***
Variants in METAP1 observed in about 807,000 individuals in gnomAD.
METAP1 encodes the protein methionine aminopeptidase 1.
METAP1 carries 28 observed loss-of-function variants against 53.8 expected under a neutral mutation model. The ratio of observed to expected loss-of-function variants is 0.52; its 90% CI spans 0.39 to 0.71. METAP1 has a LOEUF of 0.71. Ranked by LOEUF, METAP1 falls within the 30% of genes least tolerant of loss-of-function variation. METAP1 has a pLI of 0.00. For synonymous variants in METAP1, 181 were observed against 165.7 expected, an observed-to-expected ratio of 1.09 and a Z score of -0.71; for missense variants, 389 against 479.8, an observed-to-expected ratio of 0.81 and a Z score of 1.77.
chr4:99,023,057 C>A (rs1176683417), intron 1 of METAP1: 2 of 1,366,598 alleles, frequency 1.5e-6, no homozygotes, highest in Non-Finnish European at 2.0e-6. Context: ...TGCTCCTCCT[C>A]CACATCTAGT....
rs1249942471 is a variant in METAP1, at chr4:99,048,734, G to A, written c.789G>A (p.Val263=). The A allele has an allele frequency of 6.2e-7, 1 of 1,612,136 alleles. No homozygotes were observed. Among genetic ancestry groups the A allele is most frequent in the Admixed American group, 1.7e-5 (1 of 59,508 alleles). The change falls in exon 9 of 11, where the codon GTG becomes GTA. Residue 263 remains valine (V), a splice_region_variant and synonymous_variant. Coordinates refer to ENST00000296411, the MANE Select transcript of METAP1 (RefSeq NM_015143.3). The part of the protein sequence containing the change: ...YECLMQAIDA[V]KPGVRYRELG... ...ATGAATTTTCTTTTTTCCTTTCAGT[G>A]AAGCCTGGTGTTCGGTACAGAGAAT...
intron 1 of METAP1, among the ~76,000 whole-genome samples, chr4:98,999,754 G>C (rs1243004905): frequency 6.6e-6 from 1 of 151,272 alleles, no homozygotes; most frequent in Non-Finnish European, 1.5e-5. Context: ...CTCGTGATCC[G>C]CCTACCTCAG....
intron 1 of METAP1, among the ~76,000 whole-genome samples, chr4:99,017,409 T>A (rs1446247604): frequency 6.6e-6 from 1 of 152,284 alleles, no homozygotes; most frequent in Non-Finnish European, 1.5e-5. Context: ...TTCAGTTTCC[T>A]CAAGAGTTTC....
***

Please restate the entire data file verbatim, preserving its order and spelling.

Variants in METAP1 observed in about 807,000 individuals in gnomAD.
METAP1 encodes the protein methionine aminopeptidase 1.
METAP1 carries 28 observed loss-of-function variants against 53.8 expected under a neutral mutation model. The ratio of observed to expected loss-of-function variants is 0.52; its 90% CI spans 0.39 to 0.71. METAP1 has a LOEUF of 0.71. Ranked by LOEUF, METAP1 falls within the 30% of genes least tolerant of loss-of-function variation. METAP1 has a pLI of 0.00. For synonymous variants in METAP1, 181 were observed against 165.7 expected, an observed-to-expected ratio of 1.09 and a Z score of -0.71; for missense variants, 389 against 479.8, an observed-to-expected ratio of 0.81 and a Z score of 1.77.
chr4:99,023,057 C>A (rs1176683417), intron 1 of METAP1: 2 of 1,366,598 alleles, frequency 1.5e-6, no homozygotes, highest in Non-Finnish European at 2.0e-6. Context: ...TGCTCCTCCT[C>A]CACATCTAGT....
rs1249942471 is a variant in METAP1, at chr4:99,048,734, G to A, written c.789G>A (p.Val263=). The A allele has an allele frequency of 6.2e-7, 1 of 1,612,136 alleles. No homozygotes were observed. Among genetic ancestry groups the A allele is most frequent in the Admixed American group, 1.7e-5 (1 of 59,508 alleles). The change falls in exon 9 of 11, where the codon GTG becomes GTA. Residue 263 remains valine (V), a splice_region_variant and synonymous_variant. Coordinates refer to ENST00000296411, the MANE Select transcript of METAP1 (RefSeq NM_015143.3). The part of the protein sequence containing the change: ...YECLMQAIDA[V]KPGVRYRELG... ...ATGAATTTTCTTTTTTCCTTTCAGT[G>A]AAGCCTGGTGTTCGGTACAGAGAAT...
intron 1 of METAP1, among the ~76,000 whole-genome samples, chr4:98,999,754 G>C (rs1243004905): frequency 6.6e-6 from 1 of 151,272 alleles, no homozygotes; most frequent in Non-Finnish European, 1.5e-5. Context: ...CTCGTGATCC[G>C]CCTACCTCAG....
intron 1 of METAP1, among the ~76,000 whole-genome samples, chr4:99,017,409 T>A (rs1446247604): frequency 6.6e-6 from 1 of 152,284 alleles, no homozygotes; most frequent in Non-Finnish European, 1.5e-5. Context: ...TTCAGTTTCC[T>A]CAAGAGTTTC....